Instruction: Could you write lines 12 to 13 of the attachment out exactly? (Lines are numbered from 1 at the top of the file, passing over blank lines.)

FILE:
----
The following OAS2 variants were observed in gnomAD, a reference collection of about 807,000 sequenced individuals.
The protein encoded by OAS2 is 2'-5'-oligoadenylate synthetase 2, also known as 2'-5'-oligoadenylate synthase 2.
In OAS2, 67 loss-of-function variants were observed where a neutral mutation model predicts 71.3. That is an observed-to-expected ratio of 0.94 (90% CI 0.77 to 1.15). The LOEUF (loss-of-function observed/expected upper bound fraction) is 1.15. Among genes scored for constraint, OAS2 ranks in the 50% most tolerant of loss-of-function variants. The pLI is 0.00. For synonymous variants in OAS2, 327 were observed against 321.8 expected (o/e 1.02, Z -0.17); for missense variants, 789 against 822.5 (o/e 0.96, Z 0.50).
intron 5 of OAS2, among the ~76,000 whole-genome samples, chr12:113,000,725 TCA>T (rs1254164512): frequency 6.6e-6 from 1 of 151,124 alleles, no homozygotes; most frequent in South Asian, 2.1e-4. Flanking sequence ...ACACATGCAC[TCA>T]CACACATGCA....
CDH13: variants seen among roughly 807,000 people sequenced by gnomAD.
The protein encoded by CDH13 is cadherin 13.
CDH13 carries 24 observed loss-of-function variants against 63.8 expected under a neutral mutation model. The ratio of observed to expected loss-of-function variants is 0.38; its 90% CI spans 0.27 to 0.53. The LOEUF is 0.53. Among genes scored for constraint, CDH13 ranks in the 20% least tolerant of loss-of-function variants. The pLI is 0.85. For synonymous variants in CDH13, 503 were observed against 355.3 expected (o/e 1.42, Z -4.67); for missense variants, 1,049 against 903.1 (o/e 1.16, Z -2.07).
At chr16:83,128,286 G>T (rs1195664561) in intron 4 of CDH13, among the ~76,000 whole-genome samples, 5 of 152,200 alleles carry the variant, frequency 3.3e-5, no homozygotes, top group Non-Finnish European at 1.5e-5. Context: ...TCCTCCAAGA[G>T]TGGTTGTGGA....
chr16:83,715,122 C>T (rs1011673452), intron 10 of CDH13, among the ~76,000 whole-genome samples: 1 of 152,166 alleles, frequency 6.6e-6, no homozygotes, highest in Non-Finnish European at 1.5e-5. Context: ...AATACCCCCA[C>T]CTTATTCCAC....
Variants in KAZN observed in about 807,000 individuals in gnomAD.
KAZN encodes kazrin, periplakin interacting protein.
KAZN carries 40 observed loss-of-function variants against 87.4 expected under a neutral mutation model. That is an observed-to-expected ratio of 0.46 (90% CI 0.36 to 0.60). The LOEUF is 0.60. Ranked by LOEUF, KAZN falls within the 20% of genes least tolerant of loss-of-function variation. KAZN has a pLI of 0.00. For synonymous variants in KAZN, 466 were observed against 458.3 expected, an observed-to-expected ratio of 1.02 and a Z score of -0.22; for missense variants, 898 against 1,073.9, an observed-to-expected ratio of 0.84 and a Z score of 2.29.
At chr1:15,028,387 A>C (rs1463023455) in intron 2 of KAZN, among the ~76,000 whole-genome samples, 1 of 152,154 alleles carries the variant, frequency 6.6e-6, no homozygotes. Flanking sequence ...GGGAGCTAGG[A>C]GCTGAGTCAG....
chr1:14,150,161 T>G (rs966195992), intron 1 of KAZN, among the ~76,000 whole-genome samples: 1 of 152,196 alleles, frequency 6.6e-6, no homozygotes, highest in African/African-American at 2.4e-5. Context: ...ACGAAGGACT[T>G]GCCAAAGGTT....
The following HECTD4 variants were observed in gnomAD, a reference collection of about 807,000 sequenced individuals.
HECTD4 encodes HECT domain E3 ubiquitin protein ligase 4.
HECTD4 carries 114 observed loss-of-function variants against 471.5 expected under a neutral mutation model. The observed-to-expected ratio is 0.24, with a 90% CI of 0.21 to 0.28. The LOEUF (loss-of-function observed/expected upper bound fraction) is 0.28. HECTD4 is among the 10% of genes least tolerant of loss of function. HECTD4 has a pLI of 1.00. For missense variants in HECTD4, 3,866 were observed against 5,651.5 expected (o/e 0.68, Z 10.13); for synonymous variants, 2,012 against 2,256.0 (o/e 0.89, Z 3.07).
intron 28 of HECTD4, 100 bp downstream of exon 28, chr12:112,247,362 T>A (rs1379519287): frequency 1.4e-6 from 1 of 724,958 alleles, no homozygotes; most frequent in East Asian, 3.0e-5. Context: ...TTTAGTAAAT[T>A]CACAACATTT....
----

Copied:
KAZN carries 40 observed loss-of-function variants against 87.4 expected under a neutral mutation model. That is an observed-to-expected ratio of 0.46 (90% CI 0.36 to 0.60). The LOEUF is 0.60. Ranked by LOEUF, KAZN falls within the 20% of genes least tolerant of loss-of-function variation. KAZN has a pLI of 0.00. For synonymous variants in KAZN, 466 were observed against 458.3 expected, an observed-to-expected ratio of 1.02 and a Z score of -0.22; for missense variants, 898 against 1,073.9, an observed-to-expected ratio of 0.84 and a Z score of 2.29.
At chr1:15,028,387 A>C (rs1463023455) in intron 2 of KAZN, among the ~76,000 whole-genome samples, 1 of 152,154 alleles carries the variant, frequency 6.6e-6, no homozygotes. Flanking sequence ...GGGAGCTAGG[A>C]GCTGAGTCAG....